As long as any parts of this equation remain unresolved, the hopes of shipping costs falling back to pre-pandemic levels or lower are unlikely to come to fruition.
Rising Demand Will Continue to Fuel Fulfillment Price Increases
Online shopping has seen a spike for a variety of reasons, but much like the woes facing the shipping industry, there is little sign that much will change in 2022. Wage increases, pandemic stimulus checks, and government programs like the Child and Dependent Care Tax Credit and student loan deferment have left many shoppers with more cash on hand than in years past. Even as some of these benefits and credits expire or evolve, online shopping has become an essential part of many customers’ lives. As research has shown, many customer habits are hard to break once they’re formed.
Further complicating things, consumer demand continues to outpace supply. According to some projections, this imbalance could even stretch as far as 2023. Not only has this spurred inflation concerns that you must account for in your e-commerce pricing strategies, but it has added to the existing strain on the freight and fulfillment industries. Even in cases where manufacturing has been able to churn out the products people want, the clogged pathways to actually get them to customers remain hypercompetitive, which also means hyper-expensive.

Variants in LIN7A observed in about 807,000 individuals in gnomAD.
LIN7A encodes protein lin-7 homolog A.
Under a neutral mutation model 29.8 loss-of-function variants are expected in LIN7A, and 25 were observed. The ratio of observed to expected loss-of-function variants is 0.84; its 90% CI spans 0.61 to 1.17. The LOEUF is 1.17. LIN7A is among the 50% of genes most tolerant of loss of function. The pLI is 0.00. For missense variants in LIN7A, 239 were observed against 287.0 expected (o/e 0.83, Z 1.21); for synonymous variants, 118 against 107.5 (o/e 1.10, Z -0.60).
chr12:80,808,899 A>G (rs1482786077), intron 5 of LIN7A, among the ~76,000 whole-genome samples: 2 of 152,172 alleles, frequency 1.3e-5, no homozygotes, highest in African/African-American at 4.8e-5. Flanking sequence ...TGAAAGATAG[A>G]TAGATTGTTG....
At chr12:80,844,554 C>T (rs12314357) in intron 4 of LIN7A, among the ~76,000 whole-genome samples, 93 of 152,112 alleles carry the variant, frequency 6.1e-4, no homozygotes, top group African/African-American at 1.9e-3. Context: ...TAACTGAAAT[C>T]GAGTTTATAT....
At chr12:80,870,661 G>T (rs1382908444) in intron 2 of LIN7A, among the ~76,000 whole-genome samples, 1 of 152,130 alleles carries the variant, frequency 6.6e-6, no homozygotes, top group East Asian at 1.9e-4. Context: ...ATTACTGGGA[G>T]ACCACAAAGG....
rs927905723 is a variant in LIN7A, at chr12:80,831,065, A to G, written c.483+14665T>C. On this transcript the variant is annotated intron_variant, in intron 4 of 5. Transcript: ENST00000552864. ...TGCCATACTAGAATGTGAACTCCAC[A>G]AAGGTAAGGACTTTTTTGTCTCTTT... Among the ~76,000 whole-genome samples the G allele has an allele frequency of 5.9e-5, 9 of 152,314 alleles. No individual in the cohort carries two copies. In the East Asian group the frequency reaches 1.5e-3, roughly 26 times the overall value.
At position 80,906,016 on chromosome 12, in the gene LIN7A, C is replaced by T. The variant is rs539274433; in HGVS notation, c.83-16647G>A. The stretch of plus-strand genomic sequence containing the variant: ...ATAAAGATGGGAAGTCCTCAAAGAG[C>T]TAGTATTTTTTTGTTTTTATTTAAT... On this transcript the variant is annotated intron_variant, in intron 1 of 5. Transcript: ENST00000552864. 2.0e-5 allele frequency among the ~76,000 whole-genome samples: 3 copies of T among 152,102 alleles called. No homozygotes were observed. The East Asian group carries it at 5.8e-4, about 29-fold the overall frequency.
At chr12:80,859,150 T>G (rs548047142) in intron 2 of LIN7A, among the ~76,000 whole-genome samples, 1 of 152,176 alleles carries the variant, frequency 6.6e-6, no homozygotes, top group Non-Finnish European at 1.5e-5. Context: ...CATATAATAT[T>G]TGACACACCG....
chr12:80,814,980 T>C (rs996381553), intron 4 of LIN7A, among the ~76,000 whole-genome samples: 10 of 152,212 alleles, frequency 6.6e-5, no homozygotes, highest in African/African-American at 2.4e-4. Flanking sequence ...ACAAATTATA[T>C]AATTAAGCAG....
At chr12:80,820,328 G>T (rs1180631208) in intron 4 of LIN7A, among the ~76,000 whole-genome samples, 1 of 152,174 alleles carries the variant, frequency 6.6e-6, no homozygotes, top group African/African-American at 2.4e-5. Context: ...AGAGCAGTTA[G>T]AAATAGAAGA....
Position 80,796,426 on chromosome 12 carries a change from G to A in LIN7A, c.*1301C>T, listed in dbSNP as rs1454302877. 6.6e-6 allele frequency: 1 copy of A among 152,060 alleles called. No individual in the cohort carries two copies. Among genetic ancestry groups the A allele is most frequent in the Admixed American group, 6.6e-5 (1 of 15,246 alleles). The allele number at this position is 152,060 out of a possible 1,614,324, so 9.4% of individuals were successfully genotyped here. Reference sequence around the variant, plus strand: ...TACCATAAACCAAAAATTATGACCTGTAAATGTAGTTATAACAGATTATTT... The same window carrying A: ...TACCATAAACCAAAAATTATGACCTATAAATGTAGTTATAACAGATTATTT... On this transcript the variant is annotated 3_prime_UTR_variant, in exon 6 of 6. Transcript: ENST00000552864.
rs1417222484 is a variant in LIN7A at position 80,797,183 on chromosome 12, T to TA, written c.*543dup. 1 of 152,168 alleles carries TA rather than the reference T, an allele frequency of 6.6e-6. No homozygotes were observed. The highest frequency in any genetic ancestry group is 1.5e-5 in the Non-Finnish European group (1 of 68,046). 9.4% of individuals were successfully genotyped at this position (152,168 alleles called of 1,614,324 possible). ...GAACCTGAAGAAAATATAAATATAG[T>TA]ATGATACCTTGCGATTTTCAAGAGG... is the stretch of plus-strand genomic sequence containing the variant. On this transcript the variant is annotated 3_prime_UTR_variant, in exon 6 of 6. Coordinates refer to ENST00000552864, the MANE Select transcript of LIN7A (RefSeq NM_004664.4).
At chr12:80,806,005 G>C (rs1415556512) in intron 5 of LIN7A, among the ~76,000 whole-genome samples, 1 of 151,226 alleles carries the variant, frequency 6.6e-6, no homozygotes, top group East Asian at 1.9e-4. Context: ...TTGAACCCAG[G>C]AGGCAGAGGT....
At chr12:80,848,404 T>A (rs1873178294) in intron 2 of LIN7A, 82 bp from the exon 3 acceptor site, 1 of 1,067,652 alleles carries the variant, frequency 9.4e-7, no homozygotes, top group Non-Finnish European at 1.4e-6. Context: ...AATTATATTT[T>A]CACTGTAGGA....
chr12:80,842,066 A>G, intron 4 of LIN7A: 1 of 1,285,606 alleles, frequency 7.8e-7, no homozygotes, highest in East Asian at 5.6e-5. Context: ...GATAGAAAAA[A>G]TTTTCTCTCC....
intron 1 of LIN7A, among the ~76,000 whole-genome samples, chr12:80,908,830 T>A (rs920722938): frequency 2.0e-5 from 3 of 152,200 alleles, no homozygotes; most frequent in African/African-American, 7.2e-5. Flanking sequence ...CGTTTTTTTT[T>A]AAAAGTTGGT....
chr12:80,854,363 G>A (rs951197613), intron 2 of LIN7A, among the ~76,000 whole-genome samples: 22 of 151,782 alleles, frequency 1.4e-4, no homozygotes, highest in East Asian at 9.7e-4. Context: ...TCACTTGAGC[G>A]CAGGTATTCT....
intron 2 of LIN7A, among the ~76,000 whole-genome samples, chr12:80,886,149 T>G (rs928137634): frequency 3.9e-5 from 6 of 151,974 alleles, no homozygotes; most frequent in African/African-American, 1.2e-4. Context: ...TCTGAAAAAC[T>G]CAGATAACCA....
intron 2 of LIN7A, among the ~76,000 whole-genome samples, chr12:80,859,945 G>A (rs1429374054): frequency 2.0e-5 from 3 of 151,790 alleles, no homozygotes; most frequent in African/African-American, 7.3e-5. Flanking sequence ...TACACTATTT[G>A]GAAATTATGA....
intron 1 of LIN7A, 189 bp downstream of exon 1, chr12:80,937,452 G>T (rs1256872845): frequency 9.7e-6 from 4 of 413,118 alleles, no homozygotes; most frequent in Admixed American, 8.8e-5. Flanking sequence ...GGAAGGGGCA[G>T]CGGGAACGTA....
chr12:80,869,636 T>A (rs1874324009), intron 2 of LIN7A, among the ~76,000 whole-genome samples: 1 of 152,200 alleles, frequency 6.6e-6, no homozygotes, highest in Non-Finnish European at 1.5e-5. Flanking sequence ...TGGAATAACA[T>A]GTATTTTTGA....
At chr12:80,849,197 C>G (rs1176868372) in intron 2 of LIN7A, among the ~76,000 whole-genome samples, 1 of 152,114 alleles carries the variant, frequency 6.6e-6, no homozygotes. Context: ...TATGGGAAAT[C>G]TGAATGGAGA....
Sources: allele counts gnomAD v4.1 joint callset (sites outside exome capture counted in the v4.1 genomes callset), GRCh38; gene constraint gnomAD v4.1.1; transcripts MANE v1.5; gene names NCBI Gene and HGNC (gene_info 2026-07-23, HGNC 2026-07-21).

As a result, the combination of increased shipping costs and supply shortages across most retail sectors are expected to filter down to retailers and consumers in the form of price increases. How much and these increases amount to and how long they last will inevitably vary by sector. That said, you will need to remain tuned into market trends, inventory availability, and overall cost of goods sold metrics to ensure that you are able to secure your stock and fulfill customer orders as affordably as possible.
Be Prepared for the Short- and Long-Term Futures of Shipping Costs
Once again, the e-commerce industry finds itself very much intertwined in the challenges facing the greater global economy. As such, many of the contributing factors are (and will remain) outside of your brand’s control. What matters is how effectively you can respond to these challenges.
To these ends, there are a number of components to your e-commerce operation that will require extra attention in the coming year to help mitigate the larger economic forces at play: